When I reflect back on the 2020 year, I have recognised the needs to make a significant energy change. As I posted my critical top six energy developments in 2020 in this recent post “Energy Progress- the best of 2020 leads to a great 2021″ it triggered a deeper evaluation to lead out to 2021.
The key to 2021, in my opinion, will be a real breakthrough year of innovation, based on technology invention.
“2020 advanced the commitment to the shift from fossil fuel to renewables that has real momentum in the coming years. 2021 will be the breakthrough year where the energy transition has the unstoppable forces happening.”
Further major Energy Solution Providers have announced their intentions of withdrawing from Coal.
Toshiba will stop taking orders for coal-fired power plants in line with growing global trends toward reducing carbon emissions. Toshiba holds 11% of the global thermal-power generation market, excluding China. This includes building power plants, producing steam turbines and providing maintenance. While the company will stop accepting new orders for coal-burning plants, it will build 10 stations under existing orders in Japan, Vietnam and other countries.
Siemens Energy, which builds steam turbines for power plants, will no longer take on new business to supply coal-fired powered stations, it said on 10th November 2020 making it the latest firm to scale back fossil fuel-related operations. Selling turbines to coal-fired power plants accounts for a low single-digit percentage of the company’s sales or roughly 820 million euros ($970 million) based on 2020 figures. According to a recent comment, the business was profitable. Siemens Energy has stated it will still meet existing commitments, including placed bids, and honour service contracts for combined heat and power stations but not engage in further coal business (Source Reuters).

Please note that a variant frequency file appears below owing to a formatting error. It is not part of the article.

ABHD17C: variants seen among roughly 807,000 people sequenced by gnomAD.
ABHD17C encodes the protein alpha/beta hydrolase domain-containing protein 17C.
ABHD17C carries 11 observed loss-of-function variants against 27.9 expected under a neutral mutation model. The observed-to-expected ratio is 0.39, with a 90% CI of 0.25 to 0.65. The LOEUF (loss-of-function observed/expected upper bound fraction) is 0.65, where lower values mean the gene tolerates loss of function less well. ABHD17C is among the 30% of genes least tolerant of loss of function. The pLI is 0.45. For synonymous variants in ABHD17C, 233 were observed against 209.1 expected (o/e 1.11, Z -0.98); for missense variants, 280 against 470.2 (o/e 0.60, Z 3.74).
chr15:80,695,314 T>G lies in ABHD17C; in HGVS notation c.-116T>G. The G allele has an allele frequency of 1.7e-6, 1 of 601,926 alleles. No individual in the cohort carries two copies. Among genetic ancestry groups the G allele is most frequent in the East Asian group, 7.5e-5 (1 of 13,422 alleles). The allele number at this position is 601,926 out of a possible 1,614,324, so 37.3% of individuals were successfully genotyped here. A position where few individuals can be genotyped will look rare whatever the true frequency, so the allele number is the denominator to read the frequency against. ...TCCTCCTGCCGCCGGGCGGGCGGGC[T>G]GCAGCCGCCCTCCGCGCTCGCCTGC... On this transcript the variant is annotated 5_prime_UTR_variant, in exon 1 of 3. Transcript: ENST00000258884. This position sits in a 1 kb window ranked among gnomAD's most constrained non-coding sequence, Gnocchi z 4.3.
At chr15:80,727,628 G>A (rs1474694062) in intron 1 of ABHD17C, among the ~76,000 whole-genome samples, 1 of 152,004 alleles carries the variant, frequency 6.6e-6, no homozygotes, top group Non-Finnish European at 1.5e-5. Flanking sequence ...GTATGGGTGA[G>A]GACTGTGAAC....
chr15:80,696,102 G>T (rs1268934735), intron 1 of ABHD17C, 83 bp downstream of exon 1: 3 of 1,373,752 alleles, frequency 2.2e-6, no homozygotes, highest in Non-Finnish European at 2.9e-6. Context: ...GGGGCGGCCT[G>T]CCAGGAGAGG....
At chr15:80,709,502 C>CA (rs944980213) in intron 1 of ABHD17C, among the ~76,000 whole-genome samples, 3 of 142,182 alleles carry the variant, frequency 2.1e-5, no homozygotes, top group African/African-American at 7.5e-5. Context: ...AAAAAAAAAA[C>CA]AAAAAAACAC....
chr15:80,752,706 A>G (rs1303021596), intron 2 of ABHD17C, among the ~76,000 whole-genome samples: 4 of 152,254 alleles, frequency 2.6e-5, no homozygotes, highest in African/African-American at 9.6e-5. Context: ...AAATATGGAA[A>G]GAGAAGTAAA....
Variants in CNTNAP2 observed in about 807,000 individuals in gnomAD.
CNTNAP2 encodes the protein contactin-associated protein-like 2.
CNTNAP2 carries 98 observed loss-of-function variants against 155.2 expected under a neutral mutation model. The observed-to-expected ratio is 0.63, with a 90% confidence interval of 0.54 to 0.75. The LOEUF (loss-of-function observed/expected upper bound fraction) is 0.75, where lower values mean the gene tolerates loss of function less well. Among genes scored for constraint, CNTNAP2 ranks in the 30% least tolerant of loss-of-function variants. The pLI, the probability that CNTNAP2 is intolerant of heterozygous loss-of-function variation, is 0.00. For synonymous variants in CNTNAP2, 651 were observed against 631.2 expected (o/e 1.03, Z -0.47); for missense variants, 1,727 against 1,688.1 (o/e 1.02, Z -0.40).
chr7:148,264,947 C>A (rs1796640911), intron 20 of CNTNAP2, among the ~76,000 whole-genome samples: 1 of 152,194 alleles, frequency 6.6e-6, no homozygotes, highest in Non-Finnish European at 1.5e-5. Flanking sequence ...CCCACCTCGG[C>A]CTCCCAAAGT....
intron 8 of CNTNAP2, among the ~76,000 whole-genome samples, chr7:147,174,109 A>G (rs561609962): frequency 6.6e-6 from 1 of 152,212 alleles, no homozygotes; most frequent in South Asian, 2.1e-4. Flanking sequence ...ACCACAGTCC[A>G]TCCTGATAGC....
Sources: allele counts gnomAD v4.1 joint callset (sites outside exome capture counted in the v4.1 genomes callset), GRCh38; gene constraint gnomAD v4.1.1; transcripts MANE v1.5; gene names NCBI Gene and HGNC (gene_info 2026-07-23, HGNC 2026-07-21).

Also Black & Veatch, an engineering and construction firm, has announced it also will cease participation in any further coal-based power design and construction. This shift allows its workforce to further accelerate the creation of solutions that help transform the industry, including helping clients reduce dependence on coal power assets and minimize the impact of those assets to the environment. The company says its transition away from any coal-related activity is about a commitment to sustainability and accelerating efforts toward a carbon-free energy future, reported the press release.
Our landscapes seem never to change, power transmission lines spread out across the land as far as the eye can see delivering our electricity. Nothing seems to change, but nothing actually is as far from the truth.
The electricity industry is waging a sweeping transformation and in a recent report by Black & Veatch providing the present position of the state of Electricity called Strategic Directions: Electric Report, where they have gathered 600 power utility stakeholders to offer the challenges and opportunities that are occurring in the transformation being undertaken.